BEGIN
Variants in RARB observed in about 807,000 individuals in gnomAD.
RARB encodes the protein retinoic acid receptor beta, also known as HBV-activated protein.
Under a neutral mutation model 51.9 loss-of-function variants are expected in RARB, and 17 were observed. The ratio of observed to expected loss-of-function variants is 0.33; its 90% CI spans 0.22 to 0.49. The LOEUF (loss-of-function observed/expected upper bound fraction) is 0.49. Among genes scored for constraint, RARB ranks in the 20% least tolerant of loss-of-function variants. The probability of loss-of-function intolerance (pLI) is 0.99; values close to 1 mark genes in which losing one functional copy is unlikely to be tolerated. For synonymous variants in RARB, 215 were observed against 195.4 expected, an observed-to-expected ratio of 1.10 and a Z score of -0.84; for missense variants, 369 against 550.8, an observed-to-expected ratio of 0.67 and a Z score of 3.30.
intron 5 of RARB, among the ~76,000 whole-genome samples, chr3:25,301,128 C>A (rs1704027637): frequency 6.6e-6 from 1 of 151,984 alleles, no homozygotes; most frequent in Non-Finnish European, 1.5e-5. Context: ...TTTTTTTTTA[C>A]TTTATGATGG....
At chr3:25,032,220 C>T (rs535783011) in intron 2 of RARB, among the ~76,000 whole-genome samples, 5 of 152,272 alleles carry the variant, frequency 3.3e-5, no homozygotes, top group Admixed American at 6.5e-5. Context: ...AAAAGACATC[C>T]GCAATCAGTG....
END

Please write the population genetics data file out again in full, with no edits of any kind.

Variants in RARB observed in about 807,000 individuals in gnomAD.
RARB encodes the protein retinoic acid receptor beta, also known as HBV-activated protein.
Under a neutral mutation model 51.9 loss-of-function variants are expected in RARB, and 17 were observed. The ratio of observed to expected loss-of-function variants is 0.33; its 90% CI spans 0.22 to 0.49. The LOEUF (loss-of-function observed/expected upper bound fraction) is 0.49. Among genes scored for constraint, RARB ranks in the 20% least tolerant of loss-of-function variants. The probability of loss-of-function intolerance (pLI) is 0.99; values close to 1 mark genes in which losing one functional copy is unlikely to be tolerated. For synonymous variants in RARB, 215 were observed against 195.4 expected, an observed-to-expected ratio of 1.10 and a Z score of -0.84; for missense variants, 369 against 550.8, an observed-to-expected ratio of 0.67 and a Z score of 3.30.
intron 5 of RARB, among the ~76,000 whole-genome samples, chr3:25,301,128 C>A (rs1704027637): frequency 6.6e-6 from 1 of 151,984 alleles, no homozygotes; most frequent in Non-Finnish European, 1.5e-5. Context: ...TTTTTTTTTA[C>A]TTTATGATGG....
At chr3:25,032,220 C>T (rs535783011) in intron 2 of RARB, among the ~76,000 whole-genome samples, 5 of 152,272 alleles carry the variant, frequency 3.3e-5, no homozygotes, top group Admixed American at 6.5e-5. Context: ...AAAAGACATC[C>T]GCAATCAGTG....